Many an oak was standing there, with their lower branches extending almost horizontally towards the light. As we were ambling among these trees, which generously let through ample sunlight to the shrubs and flowers underneath, I suddenly felt like back home in Sweden, where, in mid-June, the oaken ranges abound with light and flowers, just as they did here on the hills that day. Of course, the oaks with their horizontal branches and undivided leaves soon called me back to reality, as did the flowers who quite differed from our colored companions back home. 

Cistus X purpurea (Orchid rockrose)
As you can see from the next picture, Rudi did his best to explain to me the names and properties of vegetation, trees, brushes, flowers and all that we met on our way. I was unable to retain them all whilst we were ambling through this abundance, but Rudi was so kind as to remind me of the names afterward, when he saw the pictures, so I am still able to provide you with their correct denominations. 

Ceanothus (Wild lilac)
And now, dear readers, comes a first in the history of this copious blog! A juxtaposition of the hunter and his prey, so to speak. Thanks to Rudi you can see me photographing the very flowers that are on the picture below to the left. This was an occasion that demanded the deepest concentration from your blogger! I had to take two photos with different adjustments, to be merged later in Photoshop, to catch this complicated scenery.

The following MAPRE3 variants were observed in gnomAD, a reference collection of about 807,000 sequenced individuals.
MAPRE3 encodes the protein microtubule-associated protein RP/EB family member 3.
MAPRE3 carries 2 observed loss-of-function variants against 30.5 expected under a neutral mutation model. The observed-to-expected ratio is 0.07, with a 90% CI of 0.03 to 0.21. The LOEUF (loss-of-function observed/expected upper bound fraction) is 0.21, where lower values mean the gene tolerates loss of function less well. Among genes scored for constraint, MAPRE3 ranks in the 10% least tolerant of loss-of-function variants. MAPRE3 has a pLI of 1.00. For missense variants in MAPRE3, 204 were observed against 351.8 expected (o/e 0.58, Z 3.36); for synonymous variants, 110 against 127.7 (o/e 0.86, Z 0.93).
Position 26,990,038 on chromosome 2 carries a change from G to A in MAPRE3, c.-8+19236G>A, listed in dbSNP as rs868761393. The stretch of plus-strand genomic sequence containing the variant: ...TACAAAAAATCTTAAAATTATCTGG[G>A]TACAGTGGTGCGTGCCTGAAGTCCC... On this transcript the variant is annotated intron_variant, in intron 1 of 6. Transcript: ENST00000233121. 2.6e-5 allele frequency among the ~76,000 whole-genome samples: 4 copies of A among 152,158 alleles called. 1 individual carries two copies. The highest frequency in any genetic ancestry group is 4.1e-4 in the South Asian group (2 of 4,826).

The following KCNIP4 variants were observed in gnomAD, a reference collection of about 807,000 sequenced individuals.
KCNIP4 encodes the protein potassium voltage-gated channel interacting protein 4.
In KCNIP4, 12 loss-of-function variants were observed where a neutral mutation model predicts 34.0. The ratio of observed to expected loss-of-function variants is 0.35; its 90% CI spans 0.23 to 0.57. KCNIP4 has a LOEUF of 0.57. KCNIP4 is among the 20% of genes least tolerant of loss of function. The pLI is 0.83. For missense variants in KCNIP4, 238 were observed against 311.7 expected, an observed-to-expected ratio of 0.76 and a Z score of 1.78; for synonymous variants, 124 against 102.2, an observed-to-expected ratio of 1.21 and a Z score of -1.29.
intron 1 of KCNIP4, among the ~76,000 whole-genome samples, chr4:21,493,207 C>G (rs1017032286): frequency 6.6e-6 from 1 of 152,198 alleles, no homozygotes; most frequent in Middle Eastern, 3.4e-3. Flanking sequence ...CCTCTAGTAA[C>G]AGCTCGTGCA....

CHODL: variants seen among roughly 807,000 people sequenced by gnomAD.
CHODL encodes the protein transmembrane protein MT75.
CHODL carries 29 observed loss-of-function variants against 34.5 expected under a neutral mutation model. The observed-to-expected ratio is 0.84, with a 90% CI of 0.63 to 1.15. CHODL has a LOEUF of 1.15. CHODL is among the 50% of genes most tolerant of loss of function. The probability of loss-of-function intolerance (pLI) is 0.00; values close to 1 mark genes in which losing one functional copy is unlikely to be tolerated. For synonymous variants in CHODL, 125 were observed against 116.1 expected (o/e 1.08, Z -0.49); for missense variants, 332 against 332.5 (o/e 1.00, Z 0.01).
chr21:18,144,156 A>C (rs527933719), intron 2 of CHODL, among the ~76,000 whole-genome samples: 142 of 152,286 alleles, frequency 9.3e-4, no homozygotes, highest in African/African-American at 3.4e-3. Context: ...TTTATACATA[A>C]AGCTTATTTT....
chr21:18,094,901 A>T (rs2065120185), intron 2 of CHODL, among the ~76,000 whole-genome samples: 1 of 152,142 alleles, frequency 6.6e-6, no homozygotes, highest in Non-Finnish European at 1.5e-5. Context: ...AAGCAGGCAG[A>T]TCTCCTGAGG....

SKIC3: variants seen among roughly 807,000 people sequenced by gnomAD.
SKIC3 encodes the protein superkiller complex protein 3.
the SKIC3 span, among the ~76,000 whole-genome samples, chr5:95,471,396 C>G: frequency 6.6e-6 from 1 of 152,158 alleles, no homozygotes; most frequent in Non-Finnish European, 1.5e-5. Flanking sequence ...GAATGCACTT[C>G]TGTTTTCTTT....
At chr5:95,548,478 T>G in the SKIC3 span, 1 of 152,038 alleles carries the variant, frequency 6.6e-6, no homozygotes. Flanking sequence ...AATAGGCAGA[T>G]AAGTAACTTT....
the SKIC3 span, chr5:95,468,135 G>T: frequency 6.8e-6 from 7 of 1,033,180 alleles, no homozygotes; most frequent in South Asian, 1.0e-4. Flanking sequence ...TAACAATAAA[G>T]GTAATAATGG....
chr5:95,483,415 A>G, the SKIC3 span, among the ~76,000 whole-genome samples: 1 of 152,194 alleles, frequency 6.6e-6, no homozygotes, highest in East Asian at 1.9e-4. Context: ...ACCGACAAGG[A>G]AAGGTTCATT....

Left: Phlomis fructicosa (Jerusalem sage)                     Right: Courtesy Rudi Schmid
Turning yet another corner, we passed by a small cliff, along which the two garden sisters had planted still more of the flowers that are adorning the park wherever you look!

Yellow plant: Sedum
I have already mentioned that the sisters also provided for a "dry" Mediterranean section with plants that thrive in those parts of the world, as well as on the "Fortunate Islands" (The Canaries). When walking along the backside of the mansion, I recognized for once several high rising flowers that I had met many times during my hikes on Gran Canaria. For instance, take a look at the plant adorning the beginning of one of my Canariablogposts and compare with the corresponding plants growing below the Blake House, in the picture below:

Plant in foreground: Echium (Viper)
We are approaching the end of our walk, dear readers! But let us tax your patience one moment longer, by returning to the Italian type "grotto" in front of the mansion, mounting the stairs surrounding that contraption and continuing further up the slope behind it. 

A reward for your patience is awaiting you up there. Suddenly, a clearing opens up among the trees and brushes; Blake House is now completely hidden among the trees, but the most marvelous view of the Bay is spreading itself out before our astonished eyes. Far in the distance, we can glimpse the Golden Gate with its rust-red companion and below our feet lies the sea of houses that is El Cerrito. Again we can confirm that the rises above North Berkeley and El Cerrito face the Golden Gate straight on across the Bay. 

By now we have spent two hours in this marvelous park and I guess you are getting exhausted by this lengthy report. But the time spent on this post was worth it, don't you think? It is not every day that you are visiting the official residence of the President of the University of California!